ARTnewsletter Archive

London Contemporary Sales Leave Past Records Behind

The contemporary art market continued its unflagging expansion in February. Both Sotheby’s and Christie’s achieved their highest totals ever for contemporary art sales in London, leaving 1989 boom figures in the dust.

LONDON—The contemporary art market continued its unflagging expansion in February. Both Sotheby’s and Christie’s achieved their highest totals ever for contemporary art sales in London, leaving 1989 boom figures in the dust.

Christie’s £37 million ($64.5 million) Part One sale came out on top with all but 4 of the 62 lots on offer sold, against a presale low estimate of £20.6 million. In two secondary sales the house added another £10.7 million ($18.6 million). Overall Christie’s took £47.7 million ($83.3 million) for contemporary art, with only 5.7 percent of its 324 lots unsold. The buyer profile for the Part One sale: U.K. and European, 66 percent of the lots; American, 30 percent; Asian, 2 percent; and Middle Eastern, 2 percent.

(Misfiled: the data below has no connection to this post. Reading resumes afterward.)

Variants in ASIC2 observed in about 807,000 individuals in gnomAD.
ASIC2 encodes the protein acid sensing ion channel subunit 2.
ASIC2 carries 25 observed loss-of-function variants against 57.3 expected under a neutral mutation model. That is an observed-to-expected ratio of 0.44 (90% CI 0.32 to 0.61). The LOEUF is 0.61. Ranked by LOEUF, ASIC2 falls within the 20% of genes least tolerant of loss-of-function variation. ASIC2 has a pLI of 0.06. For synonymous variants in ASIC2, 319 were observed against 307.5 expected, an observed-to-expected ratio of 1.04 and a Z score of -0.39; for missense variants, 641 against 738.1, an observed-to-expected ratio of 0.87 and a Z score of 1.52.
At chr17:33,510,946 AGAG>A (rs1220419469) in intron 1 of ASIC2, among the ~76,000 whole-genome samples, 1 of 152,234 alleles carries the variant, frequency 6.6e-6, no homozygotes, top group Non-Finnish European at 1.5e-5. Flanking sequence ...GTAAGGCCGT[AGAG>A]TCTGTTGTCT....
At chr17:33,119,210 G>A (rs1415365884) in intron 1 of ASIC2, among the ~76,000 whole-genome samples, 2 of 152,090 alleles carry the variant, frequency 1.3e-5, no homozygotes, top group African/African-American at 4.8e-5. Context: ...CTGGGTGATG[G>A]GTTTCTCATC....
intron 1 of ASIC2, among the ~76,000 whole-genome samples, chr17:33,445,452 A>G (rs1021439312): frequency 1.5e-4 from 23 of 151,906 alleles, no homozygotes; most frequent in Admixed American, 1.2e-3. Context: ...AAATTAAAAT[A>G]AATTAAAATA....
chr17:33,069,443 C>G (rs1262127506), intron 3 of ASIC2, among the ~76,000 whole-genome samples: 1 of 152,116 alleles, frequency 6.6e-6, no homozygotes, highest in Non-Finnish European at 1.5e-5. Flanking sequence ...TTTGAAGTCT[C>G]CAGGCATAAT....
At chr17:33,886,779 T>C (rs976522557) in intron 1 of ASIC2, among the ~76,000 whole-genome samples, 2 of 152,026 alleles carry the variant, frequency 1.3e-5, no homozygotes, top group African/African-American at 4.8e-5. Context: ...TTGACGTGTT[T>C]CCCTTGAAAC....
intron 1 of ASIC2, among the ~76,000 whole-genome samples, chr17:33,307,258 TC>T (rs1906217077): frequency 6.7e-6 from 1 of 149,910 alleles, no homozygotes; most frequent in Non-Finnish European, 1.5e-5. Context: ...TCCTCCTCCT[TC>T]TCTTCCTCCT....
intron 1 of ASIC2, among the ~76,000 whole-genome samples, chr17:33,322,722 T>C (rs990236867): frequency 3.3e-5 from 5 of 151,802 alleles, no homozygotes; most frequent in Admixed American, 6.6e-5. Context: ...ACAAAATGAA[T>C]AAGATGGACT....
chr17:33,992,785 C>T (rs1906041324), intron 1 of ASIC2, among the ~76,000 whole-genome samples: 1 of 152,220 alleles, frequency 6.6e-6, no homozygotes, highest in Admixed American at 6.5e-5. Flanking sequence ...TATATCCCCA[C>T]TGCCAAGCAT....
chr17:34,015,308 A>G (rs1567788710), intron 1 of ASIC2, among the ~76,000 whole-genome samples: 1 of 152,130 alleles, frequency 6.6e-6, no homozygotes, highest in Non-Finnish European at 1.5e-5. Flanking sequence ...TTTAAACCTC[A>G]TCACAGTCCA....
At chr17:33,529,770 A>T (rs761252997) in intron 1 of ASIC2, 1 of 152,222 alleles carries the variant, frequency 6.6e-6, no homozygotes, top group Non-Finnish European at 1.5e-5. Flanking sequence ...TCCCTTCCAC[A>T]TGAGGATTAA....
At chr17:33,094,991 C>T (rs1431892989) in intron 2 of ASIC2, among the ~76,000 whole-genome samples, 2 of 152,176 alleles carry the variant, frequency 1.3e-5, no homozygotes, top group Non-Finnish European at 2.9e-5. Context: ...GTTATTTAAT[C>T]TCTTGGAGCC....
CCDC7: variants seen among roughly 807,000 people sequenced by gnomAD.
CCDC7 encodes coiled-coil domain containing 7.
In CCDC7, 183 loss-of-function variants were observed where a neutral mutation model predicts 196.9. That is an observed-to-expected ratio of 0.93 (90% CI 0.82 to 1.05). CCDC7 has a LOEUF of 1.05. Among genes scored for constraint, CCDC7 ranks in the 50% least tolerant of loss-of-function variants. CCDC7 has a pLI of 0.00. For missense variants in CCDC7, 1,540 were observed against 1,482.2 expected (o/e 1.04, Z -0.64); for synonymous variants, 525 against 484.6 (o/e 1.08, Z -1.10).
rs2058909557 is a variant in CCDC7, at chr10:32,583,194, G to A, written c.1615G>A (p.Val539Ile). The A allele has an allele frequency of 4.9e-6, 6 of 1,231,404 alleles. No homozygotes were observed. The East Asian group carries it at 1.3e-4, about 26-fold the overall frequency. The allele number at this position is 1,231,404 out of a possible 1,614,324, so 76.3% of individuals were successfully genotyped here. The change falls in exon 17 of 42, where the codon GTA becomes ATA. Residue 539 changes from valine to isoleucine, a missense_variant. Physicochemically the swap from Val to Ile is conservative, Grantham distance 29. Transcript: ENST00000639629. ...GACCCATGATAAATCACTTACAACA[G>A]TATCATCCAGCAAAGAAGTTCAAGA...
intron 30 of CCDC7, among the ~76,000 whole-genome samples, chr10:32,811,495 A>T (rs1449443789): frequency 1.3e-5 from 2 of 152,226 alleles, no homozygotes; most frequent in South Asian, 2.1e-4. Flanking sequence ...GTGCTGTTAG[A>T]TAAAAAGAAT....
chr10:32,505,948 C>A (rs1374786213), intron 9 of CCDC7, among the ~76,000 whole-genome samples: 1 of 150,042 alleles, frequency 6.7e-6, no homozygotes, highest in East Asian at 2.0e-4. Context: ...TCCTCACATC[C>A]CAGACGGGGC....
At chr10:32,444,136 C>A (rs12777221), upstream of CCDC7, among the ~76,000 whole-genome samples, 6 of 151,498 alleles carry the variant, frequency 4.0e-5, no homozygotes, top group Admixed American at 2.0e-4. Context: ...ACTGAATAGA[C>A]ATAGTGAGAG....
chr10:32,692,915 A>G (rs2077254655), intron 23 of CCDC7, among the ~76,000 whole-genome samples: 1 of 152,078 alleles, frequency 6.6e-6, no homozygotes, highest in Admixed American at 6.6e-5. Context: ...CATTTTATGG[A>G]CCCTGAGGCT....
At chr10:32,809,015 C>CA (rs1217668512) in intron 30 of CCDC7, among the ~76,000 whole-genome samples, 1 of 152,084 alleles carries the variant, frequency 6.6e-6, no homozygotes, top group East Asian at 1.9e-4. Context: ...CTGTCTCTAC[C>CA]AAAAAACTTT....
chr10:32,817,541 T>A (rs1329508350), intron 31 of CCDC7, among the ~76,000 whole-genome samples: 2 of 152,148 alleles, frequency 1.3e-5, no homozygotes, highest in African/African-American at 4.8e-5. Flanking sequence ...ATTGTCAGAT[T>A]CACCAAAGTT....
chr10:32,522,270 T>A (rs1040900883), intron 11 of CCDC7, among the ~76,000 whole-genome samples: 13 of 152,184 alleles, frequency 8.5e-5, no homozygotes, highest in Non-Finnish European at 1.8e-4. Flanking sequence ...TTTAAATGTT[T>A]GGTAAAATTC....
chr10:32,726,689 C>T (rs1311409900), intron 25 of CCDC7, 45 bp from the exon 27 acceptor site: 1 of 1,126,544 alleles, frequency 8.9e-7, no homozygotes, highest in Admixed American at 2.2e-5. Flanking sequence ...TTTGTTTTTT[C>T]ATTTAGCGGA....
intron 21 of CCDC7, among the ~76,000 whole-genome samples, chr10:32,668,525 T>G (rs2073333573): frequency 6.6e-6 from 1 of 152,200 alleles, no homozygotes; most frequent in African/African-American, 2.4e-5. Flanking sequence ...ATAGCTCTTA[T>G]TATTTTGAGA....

Sotheby’s followed with a £30.4 million ($53 million) Part One sale, selling all but 2 of the 62 lots offered, against a presale low estimate of £16.9 million. In two further sales Sotheby’s added another £11.6 million ($20.1 million), bringing its total for the series to £42 million ($73 million), with 12 percent of the 476 lots unsold. The bought-in rate increased significantly with the house’s large sale of low-value lots held at its Olympia outpost. The buyer profile for the Part One sale: U.K. and European, 64 percent of the lots; American, 28 per cent; and Asian, 8 percent.

The overall total for both Christie’s and Sotheby’s was £89.7 million ($156.1 million), in contrast with last February’s high of £54 million ($100.4 million). Contemporary art sales for the entire 1989-90 annual London season totaled approximately £60 million ($90 million), according to the Art Sales Index report at the time.

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